'Vashudev' Is the Tragic Poster Boy of the Last 8 Years of Modi's Rule

The young man with his whole life ahead of him should ideally have been using his waking hours studying or earning a decent living. Instead, like millions of others, he spends inordinate amounts of time making, viewing and sharing inane, hate-filled videos.

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Twitter is in splits over a video spoof of Qatar Airways’ CEO, Akbar Al Baker.

The dubbed video shows the CEO expressing mock concern and worry over an Indian Twitter user Vashudev’s call to boycott Qatar Airways. The CEO is shown talking about what went through his mind when the call to boycott the airline came:

“Habibi, I cancelled all my meetings and straightaway flew to Qatar because our biggest shareholder, Vashudev, decided to boycott our airlines from his headquarters which is the terrace of his house. He was having a power cut at that time in his neighbourhood and he made that devastating video. Vashudev is our biggest shareholder with a total investment of six hundred and twenty four rupees and fifty paise. We don’t know how to operate any more. I have grounded all the flights. Our operations is (sic) not running anymore. We are requesting Vashudev to take this call for boycott back….”

The spoof captures the absurdity of BJP right-wing supporters calling for a “bycott” of Muslim countries and organisations who have condemned Nupur Sharma and Naveen Jindal’s derogatory remarks against the Prophet.

But it also ends up mocking the poverty of millions of Indians. It is obvious that the young man, possibly in his late teens or early twenties is not from an affluent family. For all we know, there probably was an actual power cut at the time he was filming this.

The spoof video and Vashudev’s original appeal to boycott Qatar Airways have garnered over a million views each and both are being retweeted by the thousands. Vashudev has undoubtedly become a minor hero today in the Indian right-wing universe, just as he has also become the butt of jokes in richer, more affluent liberal circles.

And therein lies the tragedy of the generation of young Indians that Modi has let down so badly.

Unable to rise economically in a system that panders primarily to crony capitalists and ignores the long-term wellbeing of the poor, millions like Vashudev have now been hoodwinked en masse into channelling their anger and frustration into hate campaigns against minority communities.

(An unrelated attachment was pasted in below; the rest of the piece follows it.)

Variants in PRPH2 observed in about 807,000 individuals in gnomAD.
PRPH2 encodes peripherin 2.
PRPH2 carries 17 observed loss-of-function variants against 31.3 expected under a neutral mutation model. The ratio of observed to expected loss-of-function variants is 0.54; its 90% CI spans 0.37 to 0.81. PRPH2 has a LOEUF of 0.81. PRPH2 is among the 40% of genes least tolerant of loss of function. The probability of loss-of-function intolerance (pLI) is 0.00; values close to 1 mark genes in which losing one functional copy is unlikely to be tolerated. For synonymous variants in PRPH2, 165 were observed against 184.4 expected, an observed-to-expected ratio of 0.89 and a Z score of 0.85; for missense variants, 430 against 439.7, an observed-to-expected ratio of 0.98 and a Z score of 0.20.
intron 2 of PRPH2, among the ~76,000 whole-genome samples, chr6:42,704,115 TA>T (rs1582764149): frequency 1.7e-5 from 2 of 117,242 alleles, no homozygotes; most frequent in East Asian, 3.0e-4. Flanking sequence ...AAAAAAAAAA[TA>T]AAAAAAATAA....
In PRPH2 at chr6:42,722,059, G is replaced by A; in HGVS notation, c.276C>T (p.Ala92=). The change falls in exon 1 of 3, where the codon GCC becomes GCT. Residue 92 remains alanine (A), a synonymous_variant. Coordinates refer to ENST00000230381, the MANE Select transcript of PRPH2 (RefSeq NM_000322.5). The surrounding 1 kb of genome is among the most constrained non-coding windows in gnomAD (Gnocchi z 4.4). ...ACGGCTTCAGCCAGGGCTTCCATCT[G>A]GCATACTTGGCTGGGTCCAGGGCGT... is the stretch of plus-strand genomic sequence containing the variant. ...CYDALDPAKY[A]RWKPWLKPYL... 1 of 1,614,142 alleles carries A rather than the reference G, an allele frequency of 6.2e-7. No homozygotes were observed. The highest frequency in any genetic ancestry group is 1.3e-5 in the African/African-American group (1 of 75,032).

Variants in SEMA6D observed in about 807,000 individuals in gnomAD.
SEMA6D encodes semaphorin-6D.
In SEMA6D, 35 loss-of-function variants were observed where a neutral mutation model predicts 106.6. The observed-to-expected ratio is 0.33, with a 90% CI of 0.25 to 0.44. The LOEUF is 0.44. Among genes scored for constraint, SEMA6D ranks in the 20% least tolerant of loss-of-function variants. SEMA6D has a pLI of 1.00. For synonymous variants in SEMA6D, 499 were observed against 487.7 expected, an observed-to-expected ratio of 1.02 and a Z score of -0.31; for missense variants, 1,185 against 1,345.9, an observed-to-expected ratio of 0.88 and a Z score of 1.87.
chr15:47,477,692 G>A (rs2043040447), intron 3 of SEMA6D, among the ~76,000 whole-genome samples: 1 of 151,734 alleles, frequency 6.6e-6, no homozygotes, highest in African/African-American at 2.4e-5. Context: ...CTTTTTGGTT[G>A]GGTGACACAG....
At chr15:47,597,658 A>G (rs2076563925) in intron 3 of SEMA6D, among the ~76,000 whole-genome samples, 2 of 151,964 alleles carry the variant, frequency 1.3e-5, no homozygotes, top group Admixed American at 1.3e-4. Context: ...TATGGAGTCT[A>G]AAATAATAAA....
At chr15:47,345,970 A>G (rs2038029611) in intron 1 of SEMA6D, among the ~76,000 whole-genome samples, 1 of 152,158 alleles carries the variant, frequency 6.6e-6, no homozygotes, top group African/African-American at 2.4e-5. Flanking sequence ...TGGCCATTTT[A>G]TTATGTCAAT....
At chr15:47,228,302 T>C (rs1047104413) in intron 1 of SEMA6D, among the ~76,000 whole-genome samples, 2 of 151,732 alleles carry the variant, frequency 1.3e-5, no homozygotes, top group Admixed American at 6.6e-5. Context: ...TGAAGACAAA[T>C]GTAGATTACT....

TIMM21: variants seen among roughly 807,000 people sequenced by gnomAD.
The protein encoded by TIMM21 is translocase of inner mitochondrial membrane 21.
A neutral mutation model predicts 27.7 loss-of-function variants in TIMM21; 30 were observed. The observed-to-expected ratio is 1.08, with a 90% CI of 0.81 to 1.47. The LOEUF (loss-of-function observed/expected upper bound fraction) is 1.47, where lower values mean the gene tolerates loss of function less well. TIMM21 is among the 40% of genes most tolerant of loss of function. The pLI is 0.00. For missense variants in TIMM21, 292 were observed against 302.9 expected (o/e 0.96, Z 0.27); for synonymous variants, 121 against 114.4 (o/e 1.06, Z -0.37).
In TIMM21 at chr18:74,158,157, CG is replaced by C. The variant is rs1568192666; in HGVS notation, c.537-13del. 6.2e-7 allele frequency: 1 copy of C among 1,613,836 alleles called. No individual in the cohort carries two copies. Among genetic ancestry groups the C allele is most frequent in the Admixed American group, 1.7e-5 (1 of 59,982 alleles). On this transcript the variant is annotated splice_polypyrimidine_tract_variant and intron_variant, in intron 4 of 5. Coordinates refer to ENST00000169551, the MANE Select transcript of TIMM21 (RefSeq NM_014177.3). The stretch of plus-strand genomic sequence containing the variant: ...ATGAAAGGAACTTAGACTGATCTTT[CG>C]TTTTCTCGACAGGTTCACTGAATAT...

In his video, the young man is condemning Qatar for giving artist M.F. Hussain a place to stay, who he says ‘insulted Maa Durga and Maa Sita.’

As I scroll down Vashudev’s Twitter feed, I see it is full of anti-Muslim invective and pro-Hindutva memes. It is obvious that Vashudev has received his education and world-view from what primetime host Ravish Kumar calls ‘The WhatsApp University’ – an online ecosystem that has relentlessly and systematically injected hate and misinformation into the bloodstream of Indian society and turned young men like Vashudev into willing warriors and foot-solders for what Sardar Patel called ‘the mad idea of a Hindu Rashtra.’  

Simply put, Vashudev is a product of eight years of Modi’s misrule. He is also one of its poster boys. The young man with his whole life ahead of him should ideally have been using his waking hours studying and/or earning a decent living. Instead, he, like millions of others like him, now spend inordinate amounts of time making, viewing and sharing inane, hate-filled videos.

For many years, I worked as a counsellor with adolescents and young men in Delhi’s Tihar Jail. This was back in the 1990s and I wasnt much older than the inmates I was working with at the time. As I met with them every week, I realised that the vast majority of these young people had five things in common: 

  1. They came from economically deprived families.
  2. They had no role models as they were growing up.
  3. They had unstable, unhappy family backgrounds.
  4. They fell into bad company at a very young age.
  5. They were poorly educated.

But, now incarcerated, they finally had time on their hands to think about their lives and deeds. I remember the surprise many of them expressed when my counsellor colleagues and I told them that it is possible to resolve conflicts without violence, or that it is better to let go of a grudge, because a feeling of revenge is like acid which will do more damage to the container in which it is stored than it will to the object on which it is poured. These simple, basic concepts which should be the foundation of our lives were news to most of them.

I have lost track of the number of teenagers and young men who told me, “If only someone had told us this earlier, perhaps we wouldn’t be in jail today.” 

As I look at Vashudev’s video, I can’t help but recall that lament. If only India had had a wise and visionary leader these past eight years. The much-touted demographic dividend would not have been squandered as pitifully as it has been. I don’t know what Vashudev does, but instead of standing on his terrace making videos about Qatar Airways, he could well have been gainfully employed, maybe even working with an airline, perhaps even becoming a pilot. 

Instead of giving employment and opportunities to millions of India’s youth, the BJP government and its allies have, over the last 8 years, succeeded in turning an alarming number of them into a bigoted, unthinking mob.

The Prime Minister, his party, and his supporters have a lot to answer for.